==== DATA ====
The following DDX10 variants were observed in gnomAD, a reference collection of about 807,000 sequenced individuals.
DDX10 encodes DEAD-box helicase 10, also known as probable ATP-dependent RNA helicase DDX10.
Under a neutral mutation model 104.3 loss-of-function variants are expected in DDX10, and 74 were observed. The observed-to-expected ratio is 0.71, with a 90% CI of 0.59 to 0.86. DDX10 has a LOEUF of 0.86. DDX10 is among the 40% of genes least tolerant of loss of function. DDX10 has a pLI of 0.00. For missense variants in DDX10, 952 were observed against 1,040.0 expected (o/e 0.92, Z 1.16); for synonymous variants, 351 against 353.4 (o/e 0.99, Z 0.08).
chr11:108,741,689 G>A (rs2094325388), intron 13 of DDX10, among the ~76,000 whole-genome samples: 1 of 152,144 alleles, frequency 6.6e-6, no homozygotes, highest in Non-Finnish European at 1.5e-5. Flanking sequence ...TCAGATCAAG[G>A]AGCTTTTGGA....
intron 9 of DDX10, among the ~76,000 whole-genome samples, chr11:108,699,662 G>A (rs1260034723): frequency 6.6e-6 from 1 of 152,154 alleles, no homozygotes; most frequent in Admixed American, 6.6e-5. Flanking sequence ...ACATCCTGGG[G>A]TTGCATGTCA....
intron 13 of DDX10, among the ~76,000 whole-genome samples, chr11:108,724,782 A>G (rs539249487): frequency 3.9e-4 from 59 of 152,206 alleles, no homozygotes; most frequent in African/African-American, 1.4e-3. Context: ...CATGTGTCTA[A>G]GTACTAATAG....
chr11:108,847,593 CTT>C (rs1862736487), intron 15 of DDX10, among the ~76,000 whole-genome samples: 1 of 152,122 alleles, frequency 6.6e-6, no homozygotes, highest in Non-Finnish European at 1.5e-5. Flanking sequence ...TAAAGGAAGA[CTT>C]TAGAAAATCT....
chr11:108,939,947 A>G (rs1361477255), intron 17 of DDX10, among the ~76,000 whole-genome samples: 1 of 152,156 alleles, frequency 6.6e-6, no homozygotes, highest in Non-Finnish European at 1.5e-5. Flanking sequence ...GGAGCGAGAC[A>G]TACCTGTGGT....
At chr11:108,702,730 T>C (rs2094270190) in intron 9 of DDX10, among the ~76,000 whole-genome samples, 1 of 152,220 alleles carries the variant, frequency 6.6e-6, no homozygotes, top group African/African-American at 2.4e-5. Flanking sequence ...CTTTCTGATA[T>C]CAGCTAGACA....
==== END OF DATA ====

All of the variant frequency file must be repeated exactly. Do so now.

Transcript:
The following DDX10 variants were observed in gnomAD, a reference collection of about 807,000 sequenced individuals.
DDX10 encodes DEAD-box helicase 10, also known as probable ATP-dependent RNA helicase DDX10.
Under a neutral mutation model 104.3 loss-of-function variants are expected in DDX10, and 74 were observed. The observed-to-expected ratio is 0.71, with a 90% CI of 0.59 to 0.86. DDX10 has a LOEUF of 0.86. DDX10 is among the 40% of genes least tolerant of loss of function. DDX10 has a pLI of 0.00. For missense variants in DDX10, 952 were observed against 1,040.0 expected (o/e 0.92, Z 1.16); for synonymous variants, 351 against 353.4 (o/e 0.99, Z 0.08).
chr11:108,741,689 G>A (rs2094325388), intron 13 of DDX10, among the ~76,000 whole-genome samples: 1 of 152,144 alleles, frequency 6.6e-6, no homozygotes, highest in Non-Finnish European at 1.5e-5. Flanking sequence ...TCAGATCAAG[G>A]AGCTTTTGGA....
intron 9 of DDX10, among the ~76,000 whole-genome samples, chr11:108,699,662 G>A (rs1260034723): frequency 6.6e-6 from 1 of 152,154 alleles, no homozygotes; most frequent in Admixed American, 6.6e-5. Flanking sequence ...ACATCCTGGG[G>A]TTGCATGTCA....
intron 13 of DDX10, among the ~76,000 whole-genome samples, chr11:108,724,782 A>G (rs539249487): frequency 3.9e-4 from 59 of 152,206 alleles, no homozygotes; most frequent in African/African-American, 1.4e-3. Context: ...CATGTGTCTA[A>G]GTACTAATAG....
chr11:108,847,593 CTT>C (rs1862736487), intron 15 of DDX10, among the ~76,000 whole-genome samples: 1 of 152,122 alleles, frequency 6.6e-6, no homozygotes, highest in Non-Finnish European at 1.5e-5. Flanking sequence ...TAAAGGAAGA[CTT>C]TAGAAAATCT....
chr11:108,939,947 A>G (rs1361477255), intron 17 of DDX10, among the ~76,000 whole-genome samples: 1 of 152,156 alleles, frequency 6.6e-6, no homozygotes, highest in Non-Finnish European at 1.5e-5. Flanking sequence ...GGAGCGAGAC[A>G]TACCTGTGGT....
At chr11:108,702,730 T>C (rs2094270190) in intron 9 of DDX10, among the ~76,000 whole-genome samples, 1 of 152,220 alleles carries the variant, frequency 6.6e-6, no homozygotes, top group African/African-American at 2.4e-5. Flanking sequence ...CTTTCTGATA[T>C]CAGCTAGACA....